May 17, 2016
The U.S. And Our Place In The Middle East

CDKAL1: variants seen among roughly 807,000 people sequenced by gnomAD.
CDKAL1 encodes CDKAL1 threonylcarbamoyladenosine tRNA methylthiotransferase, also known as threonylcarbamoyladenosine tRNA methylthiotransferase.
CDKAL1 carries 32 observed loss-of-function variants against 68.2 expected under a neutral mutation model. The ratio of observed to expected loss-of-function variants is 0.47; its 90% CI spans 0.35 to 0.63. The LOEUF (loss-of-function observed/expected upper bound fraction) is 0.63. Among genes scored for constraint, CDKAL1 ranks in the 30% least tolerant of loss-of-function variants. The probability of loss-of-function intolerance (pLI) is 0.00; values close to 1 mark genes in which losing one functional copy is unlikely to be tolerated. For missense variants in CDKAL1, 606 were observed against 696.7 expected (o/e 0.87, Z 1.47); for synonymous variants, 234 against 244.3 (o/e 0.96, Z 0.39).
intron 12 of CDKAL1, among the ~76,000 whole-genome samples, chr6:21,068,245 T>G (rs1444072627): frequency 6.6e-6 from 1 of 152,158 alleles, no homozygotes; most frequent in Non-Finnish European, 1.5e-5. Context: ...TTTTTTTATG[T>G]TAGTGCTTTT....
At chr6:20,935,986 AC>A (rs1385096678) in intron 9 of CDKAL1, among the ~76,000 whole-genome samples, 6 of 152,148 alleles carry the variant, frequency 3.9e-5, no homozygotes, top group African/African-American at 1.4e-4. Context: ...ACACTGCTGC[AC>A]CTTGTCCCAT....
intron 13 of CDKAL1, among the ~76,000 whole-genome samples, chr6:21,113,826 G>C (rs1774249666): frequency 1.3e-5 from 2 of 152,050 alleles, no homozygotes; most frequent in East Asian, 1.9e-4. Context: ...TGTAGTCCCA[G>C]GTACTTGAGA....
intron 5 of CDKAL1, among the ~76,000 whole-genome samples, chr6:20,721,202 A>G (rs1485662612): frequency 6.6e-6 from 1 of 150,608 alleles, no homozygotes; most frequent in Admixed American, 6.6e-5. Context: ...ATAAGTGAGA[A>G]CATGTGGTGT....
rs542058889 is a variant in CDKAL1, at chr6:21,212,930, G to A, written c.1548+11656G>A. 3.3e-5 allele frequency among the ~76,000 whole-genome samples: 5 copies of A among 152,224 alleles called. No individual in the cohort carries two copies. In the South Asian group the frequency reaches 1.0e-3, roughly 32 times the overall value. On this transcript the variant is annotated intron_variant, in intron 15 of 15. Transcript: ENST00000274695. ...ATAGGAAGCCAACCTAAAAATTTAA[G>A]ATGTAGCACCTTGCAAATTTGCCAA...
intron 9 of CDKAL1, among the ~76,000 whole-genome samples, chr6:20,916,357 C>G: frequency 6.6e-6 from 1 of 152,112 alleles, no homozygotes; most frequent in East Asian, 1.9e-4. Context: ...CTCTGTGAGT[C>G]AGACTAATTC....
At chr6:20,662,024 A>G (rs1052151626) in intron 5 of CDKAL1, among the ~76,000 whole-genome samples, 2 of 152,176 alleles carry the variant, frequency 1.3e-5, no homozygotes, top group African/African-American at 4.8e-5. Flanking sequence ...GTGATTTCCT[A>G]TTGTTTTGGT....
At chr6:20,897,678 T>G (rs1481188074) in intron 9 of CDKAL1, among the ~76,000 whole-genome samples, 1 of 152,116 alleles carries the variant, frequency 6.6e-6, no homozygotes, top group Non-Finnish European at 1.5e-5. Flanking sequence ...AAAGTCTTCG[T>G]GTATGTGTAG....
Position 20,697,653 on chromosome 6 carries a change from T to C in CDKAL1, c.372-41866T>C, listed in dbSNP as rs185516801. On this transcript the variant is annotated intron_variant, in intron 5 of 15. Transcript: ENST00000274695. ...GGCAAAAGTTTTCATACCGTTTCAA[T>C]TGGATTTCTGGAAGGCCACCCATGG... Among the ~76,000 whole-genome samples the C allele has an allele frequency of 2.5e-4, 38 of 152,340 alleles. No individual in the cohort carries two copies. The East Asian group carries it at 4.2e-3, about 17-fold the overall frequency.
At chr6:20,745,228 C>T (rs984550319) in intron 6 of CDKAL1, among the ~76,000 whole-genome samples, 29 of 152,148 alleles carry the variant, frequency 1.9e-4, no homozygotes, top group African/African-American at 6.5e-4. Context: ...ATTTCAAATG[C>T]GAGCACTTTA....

As the Syrian war drags on, entering its 5th year, the American policy in Middle East becomes increasingly befuddled and contradictory. The failure of the Obama administration to stop the war in Syria or provide enough support for a successful completion of the war by the opposition has led to widespread criticism and a massive loss of lives. Now that Russia has decisively entered the war on the side of the Syrian government, providing crucial air support, and Iran and Hezbollah have provided ground troops, armor, heavy weaponry, along with training and technical support, the war has shifted in the government of Bashar Al-Assad's favor. Aleppo, the pre-war industrial hub of Syria, split from the beginning of the war, with the opposition controlling the eastern part and the Assad regime controlling the western portion, has now been cut off from a crucial supply route connecting it to Turkey by Assad's forces. The momentum of the war is being pushed into Assad's favor, a very different situation from the beginning of last year. The US seems helpless to stop this shift away from its allies. Why is this the case? The fundamental problem with the Obama administration’s Middle East policy that is causing the ineffectiveness to change the situation on the ground is that the US is playing both sides of various conflicts within the Middle East, including parties within the Syrian civil war. These conflicts consist of The Sunni-Shiite divide, the regional rivalry between Saudi Arabia and Iran, and the Turkish-Kurdish conflict. The first issue is perhaps the largest. Iraq, Iran, Bahrain, Azerbaijan are all majority Shiite, while other Muslim countries have large pluralities of Shiites, such as Lebanon, Saudi Arabia, and Yemen, they do not hold a majority. The centuries old political and religious schism within the Muslim world is a primary issue in the geopolitics of the Middle East. Before the Syrian revolution, the Assad regime was a Shiite, Baathist dictatorship within a majority Sunni country; in the same vain that Saddam Hussein’s regime was a Sunni Baathist dictatorship within a majority Shiite country, before the Unites States toppled Hussein in 2003. It was ripe for an Arab spring revolution because the Sunni majority felt discriminated against in employment and governmental politics. Unemployment was high, a permanent state of emergency existed which eliminated the civil rights of Syrian’s, and the Assad family had been in power for over three decades. When the US came out backing the opposition in 2011 and later with Obama stating that Assad had to leave office, the administration entrenched itself firmly with the Sunni majority opposition. This opposition has now become the Sunni proxy for other larger Sunni states such as Saudi Arabia, Turkey, the United Arab Emirates, and Jordan. Meanwhile Bashar Al-Assad’s regime and army, composed of mostly of the Alawite sect of Shiite Islam, has become the proxy for the Shiite powers in the region; Iran, Hezbollah, and Iraq. Syria has turned into a sectarian conflict that has spread to Iraq and Lebanon. With Yemen currently in a civil war between Shiite Houthi rebels based in the north and President Abd Rabbuh Mansur Hadi’s government based in the mainly Sunni south, the Middle East has exploded into full-on sectarian conflict. Where does the US policy fall into this situation? It falls onto both Sunni and Shiite sides, making it confusing to US allies, un-productive in resolving the ongoing conflicts and resulting in lives lost and property destroyed. One example of the failure in US policy is the recent reports of formerly US-backed Shiite Militia’s, who worked alongside the US-backed Shiite government of Iraq in combating ISIS in Iraq, transferring over to Syria, backing Assad’s regime and fighting US-backed opposition rebels. According to the Daily Beast, two defense officials confirmed that three militias, who had fought ISIS in Iraq, had taken casualties near Aleppo. The report also stated that the militias were using US tanks and small arms procured from the Iraqi side of the border, although that claim could not be independently verified. So now there are two US-backed and supplied forces fighting each other on the battlefields of Syria, which side is the Obama administration actually on?On the Iraq side of the border, the US, for a long time supported financially, politically and militarily the government of Nouri Al-Maliki, who took over after the Iraqi Transitional Government, which was installed during the American occupation. Al-Maliki instituted a distinctly Shiite sectarian regime, which battled former Sunni Baathist’s and a Sunni insurgency throughout his rule. Al-Maliki’s handling of both the conflict with insurgents and the peaceful protest camps that erupted in 2013 because of Al-Maliki’s dismissal of a Sunni finance minister, created a distinctly sectarian government which many Sunni’s viewed as worse than a potential ISIS state or one led by former Baathist’s or united Sunni tribes. In addition, Al-Maliki’s Shiite government’s alignment with Shiite-clerical ruled Iran, not too far removed from the Iraq-Iran war, which ended in 1988, further alienated Sunni’s within Iraq. This closeness to Iran allowed Iran to transport troops and materials across Iraq to Syria, enabled Al-Maliki to order the arrest of the Sunni Iraqi Prime Minister Tariq Al-Hashimi, and gave Al-Maliki enough power to refuse to harbor US troops after the US pullout. In one country, Iraq, the US supports a regime that persecutes and attacks its Sunni citizens and is allied or potentially controlled by the major Shiite power in the region: Iran. At the same time, the US is supporting financially and arming Sunni rebel opposition groups in neighboring Syria. Behind these local players in Syria and Iraq, are, of course, Saudi Arabia and Iran, the major Sunni and Shiite power brokers respectively. Turkey, can also be considering a major religious Sunni power now that the Islamist AK party has taken power. The US policy, dealing with all three of these countries is, again, equally contradictory, as its local Syria and Iraqi policies. Saudi Arabia is the US’s historical ally in the region for upwards of fifty years because of its stability, oil resources, and opposition to the Shiite Iranian revolution which deposed our former primary Muslim ally in the region. It is the main leader in providing arms and supplies to Sunni governments and groups around the Middle East. However, just recently, the US has signed a nuclear deal with Iran, formerly one of George Bush’s “Axis of Evil” countries. Under the agreement, the US and European countries are to lift sanctions that have crippled Iran’s economy as long as Iran follows through with its promises to dismantle its nuclear weapons program and to abide by the rules set forth in the agreement. These overtures to Iran, Sunni Saudi Arabia’s Shiite rival, along with the US’s backing of the Shiite government of Iraq, have spooked Saudi Arabia, and made them question, “Whose side is the US really on?” Of course, that is a really good question, especially since Iran has recently used the break in sanctions to go on a military hardware shopping spree. Does Obama support Shiite Iran-Iraq or does he support Sunni Saudi Arabia, at the moment, he is hopping the fence like a bunny, building distrust and complicating on-the-ground proxy wars between the two countries. In addition to the Saudi Arabia-Iran mess, the Obama administration has another major crisis of contradictory policy with Turkey and the Kurdish population of the Levant. This conflict has less religious overtones because both parties are primarily Sunni, but has major implications within Syria and Iraq where outright sectarian fighting is happening. This double-sided policy consists of cooperation with Turkey, a NATO ally, which allows the US to use Turkey’s military bases and for NATO to station and deploy troops and conduct military operations from bases within Turkey. In return, the US has promised to stifle the statehood aspirations of the Kurds in southeastern Turkey, northern Syria, and the semi-autonomous Kurdish region of Iraq, along with allowing Turkish military intervention into Iraq and Syria for “buffer zones”. Meanwhile, at the same time, the Obama administrations staunchest and most “moderate” fighting force to attack and eliminate ISIS in Iraq and Syria has and continuous to be the Kurdish militia’s in Syria and the Peshmerga in Iraq. Obama has identified the number one enemy in the region to be ISIS and Al-Qaeda’s Syrian branch, the Al-Nusra front and has given vast amounts of highly technological weapons to the YPG and similar militias in Syria and the Peshmerga in Iraq. The US military has also provided the Kurdish forces with massive amounts of airstrikes and airplane sorties, which are coordinated through their respective military organizations within Syria and Iraq. This is because the Obama administration views the Kurdish forces as the best and most effective force to combat the US’s number one enemies; ISIS and Al-Qaeda. The problem lies in that the Kurds of northern Syria specifically aim to take advantage of the civil war and carve out a state for themselves that would border southern Turkey, something Turkey has explicitly said they could not allow to happen. This is because Turkey’s southeastern portion, near to the territory already controlled by the Kurdish militia’s in Syria, where they are attempting to build a state, is heavily populated with Kurds, who have been in conflict with the central Turkish government through the PKK, for decades. The Turkish thought is that any statehood attempt by the Kurds in northern Syria would incite the Kurds in Turkey, who make up upwards of 30% of the Turkish population and majorities in many southeastern areas to join their ethnic and cultural brethren in Syria, thus breaking away territory from Turkey. The PKK, considered a terrorist organization by the US, Turkey, and Europe, has been in close cooperation with its sister organizations on the Syrian side of the border, so Turkey’s fears are not unfounded. Currently, Turkey has clamped down on the PKK and Kurdish politicians inside of Turkey, taking especially repressive measures in the southeast and ripping apart a budding peace process. In what is beginning to look like a civil war within Turkey, between the central government and the Kurdish political and military organizations, the threat to US stability becomes obvious. Turkey is a NATO member, and if attacked; the US is militarily obliged to come to its aid. If this were to happen, the Obama administration would be caught in a web that it strung and obligated to fighting its own best ally in the conflict against ISIS, the Kurds. So the question, again, comes down to: Which side is the US on? It cannot play both sides. As the US dithers, its allies become frustrated and less trusting of lip-service being paid in their direction. The regional and local players within the Middle East are beginning to notice that they are being moved around liked pawns on the US’s chess board, where their interests don’t necessarily align with the king’s. The US is losing control of the situation to countries such as Russia, who have a consistent policy of supporting Shiite countries and rulers. The Obama administration will have to adjust their foreign policy before peace in Syria, Iraq, Turkey, and Yemen will be possible.